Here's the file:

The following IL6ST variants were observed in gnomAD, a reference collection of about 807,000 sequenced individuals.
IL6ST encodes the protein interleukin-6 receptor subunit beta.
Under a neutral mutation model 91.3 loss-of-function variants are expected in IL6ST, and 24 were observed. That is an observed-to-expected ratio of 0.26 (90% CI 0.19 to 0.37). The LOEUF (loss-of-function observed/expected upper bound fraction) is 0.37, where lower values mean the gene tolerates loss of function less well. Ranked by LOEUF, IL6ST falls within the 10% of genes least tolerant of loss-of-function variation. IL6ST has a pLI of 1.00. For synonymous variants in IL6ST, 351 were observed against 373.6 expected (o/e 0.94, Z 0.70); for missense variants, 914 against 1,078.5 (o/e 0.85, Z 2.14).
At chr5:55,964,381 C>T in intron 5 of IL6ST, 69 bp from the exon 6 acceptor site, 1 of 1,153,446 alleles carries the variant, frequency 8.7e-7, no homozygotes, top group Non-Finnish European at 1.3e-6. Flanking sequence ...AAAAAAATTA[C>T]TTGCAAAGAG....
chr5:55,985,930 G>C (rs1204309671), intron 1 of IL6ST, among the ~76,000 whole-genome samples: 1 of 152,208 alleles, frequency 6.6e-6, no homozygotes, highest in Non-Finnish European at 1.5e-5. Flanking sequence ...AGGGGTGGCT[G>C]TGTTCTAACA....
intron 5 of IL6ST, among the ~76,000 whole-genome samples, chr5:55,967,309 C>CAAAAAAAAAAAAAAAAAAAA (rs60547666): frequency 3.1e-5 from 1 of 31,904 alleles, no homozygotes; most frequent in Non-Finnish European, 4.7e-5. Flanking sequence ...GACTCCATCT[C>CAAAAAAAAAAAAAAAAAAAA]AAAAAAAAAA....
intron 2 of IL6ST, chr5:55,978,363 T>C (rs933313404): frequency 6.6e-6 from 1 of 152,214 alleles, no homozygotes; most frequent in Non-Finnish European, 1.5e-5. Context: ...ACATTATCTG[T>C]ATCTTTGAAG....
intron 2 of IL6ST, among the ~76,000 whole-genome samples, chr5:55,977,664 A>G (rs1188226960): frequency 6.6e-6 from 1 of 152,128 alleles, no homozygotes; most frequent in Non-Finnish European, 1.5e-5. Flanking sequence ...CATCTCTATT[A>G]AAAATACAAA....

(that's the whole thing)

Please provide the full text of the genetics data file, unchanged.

The following IL6ST variants were observed in gnomAD, a reference collection of about 807,000 sequenced individuals.
IL6ST encodes the protein interleukin-6 receptor subunit beta.
Under a neutral mutation model 91.3 loss-of-function variants are expected in IL6ST, and 24 were observed. That is an observed-to-expected ratio of 0.26 (90% CI 0.19 to 0.37). The LOEUF (loss-of-function observed/expected upper bound fraction) is 0.37, where lower values mean the gene tolerates loss of function less well. Ranked by LOEUF, IL6ST falls within the 10% of genes least tolerant of loss-of-function variation. IL6ST has a pLI of 1.00. For synonymous variants in IL6ST, 351 were observed against 373.6 expected (o/e 0.94, Z 0.70); for missense variants, 914 against 1,078.5 (o/e 0.85, Z 2.14).
At chr5:55,964,381 C>T in intron 5 of IL6ST, 69 bp from the exon 6 acceptor site, 1 of 1,153,446 alleles carries the variant, frequency 8.7e-7, no homozygotes, top group Non-Finnish European at 1.3e-6. Flanking sequence ...AAAAAAATTA[C>T]TTGCAAAGAG....
chr5:55,985,930 G>C (rs1204309671), intron 1 of IL6ST, among the ~76,000 whole-genome samples: 1 of 152,208 alleles, frequency 6.6e-6, no homozygotes, highest in Non-Finnish European at 1.5e-5. Flanking sequence ...AGGGGTGGCT[G>C]TGTTCTAACA....
intron 5 of IL6ST, among the ~76,000 whole-genome samples, chr5:55,967,309 C>CAAAAAAAAAAAAAAAAAAAA (rs60547666): frequency 3.1e-5 from 1 of 31,904 alleles, no homozygotes; most frequent in Non-Finnish European, 4.7e-5. Flanking sequence ...GACTCCATCT[C>CAAAAAAAAAAAAAAAAAAAA]AAAAAAAAAA....
intron 2 of IL6ST, chr5:55,978,363 T>C (rs933313404): frequency 6.6e-6 from 1 of 152,214 alleles, no homozygotes; most frequent in Non-Finnish European, 1.5e-5. Context: ...ACATTATCTG[T>C]ATCTTTGAAG....
intron 2 of IL6ST, among the ~76,000 whole-genome samples, chr5:55,977,664 A>G (rs1188226960): frequency 6.6e-6 from 1 of 152,128 alleles, no homozygotes; most frequent in Non-Finnish European, 1.5e-5. Flanking sequence ...CATCTCTATT[A>G]AAAATACAAA....